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The Investigative Process

Some complaints are investigated internally by Board staff. However, depending on the scope of an investigation, the licensing board may refer the complaint to the Office of Investigations and the complaint is assigned to an investigator.

When a complaint is assigned to an investigator, the investigator acts as an impartial, fact-finding third party and does not "represent" the complainant, the board, or the licensee. The Office of Investigations receives 950 - 1600 cases a year. Cases take from less than a month to more than a year to complete depending on complexity, witness cooperation and caseload. The average time to complete a case is 6 to 8 months.

Generally a copy of the complaint is sent to the licensee for his/her response. After the licensee has had a reasonable length of time to respond, the investigator begins the actual investigation. The investigator often obtains copies of pertinent document or records (including medical records), interviews witnesses and/or has the case reviewed by a specialty expert.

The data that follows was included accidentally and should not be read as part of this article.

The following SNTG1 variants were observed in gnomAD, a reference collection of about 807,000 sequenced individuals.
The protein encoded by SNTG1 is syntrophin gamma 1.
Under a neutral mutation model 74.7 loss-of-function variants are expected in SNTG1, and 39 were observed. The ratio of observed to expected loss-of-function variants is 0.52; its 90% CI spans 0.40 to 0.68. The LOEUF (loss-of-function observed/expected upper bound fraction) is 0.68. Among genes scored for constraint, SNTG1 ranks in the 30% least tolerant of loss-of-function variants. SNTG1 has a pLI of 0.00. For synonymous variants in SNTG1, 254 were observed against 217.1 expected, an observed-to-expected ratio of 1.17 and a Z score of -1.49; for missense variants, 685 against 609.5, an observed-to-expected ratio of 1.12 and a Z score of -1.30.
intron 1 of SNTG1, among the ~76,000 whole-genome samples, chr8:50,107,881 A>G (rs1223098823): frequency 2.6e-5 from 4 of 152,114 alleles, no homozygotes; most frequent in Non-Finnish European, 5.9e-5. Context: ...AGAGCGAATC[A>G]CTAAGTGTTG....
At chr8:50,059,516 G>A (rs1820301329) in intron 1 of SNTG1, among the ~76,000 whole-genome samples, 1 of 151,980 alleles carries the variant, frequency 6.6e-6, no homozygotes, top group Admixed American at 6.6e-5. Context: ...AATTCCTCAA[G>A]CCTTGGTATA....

The investigator then prepares a written report that is reviewed by the licensing board. If the board determines there is probable cause to believe there has been a violation of licensing law, a hearing may be held or the licensee may agree to a settlement. If the alleged misconduct is proven, a hearing or settlement may result in the suspension or revocation of the license of the person against whom the complaint was filed or the imposition of the other sanctions.

The staff of the Office of Investigations can answer general questions about the investigative process or specific questions about the status of a case (except where prohibited by law).

Consumer Protection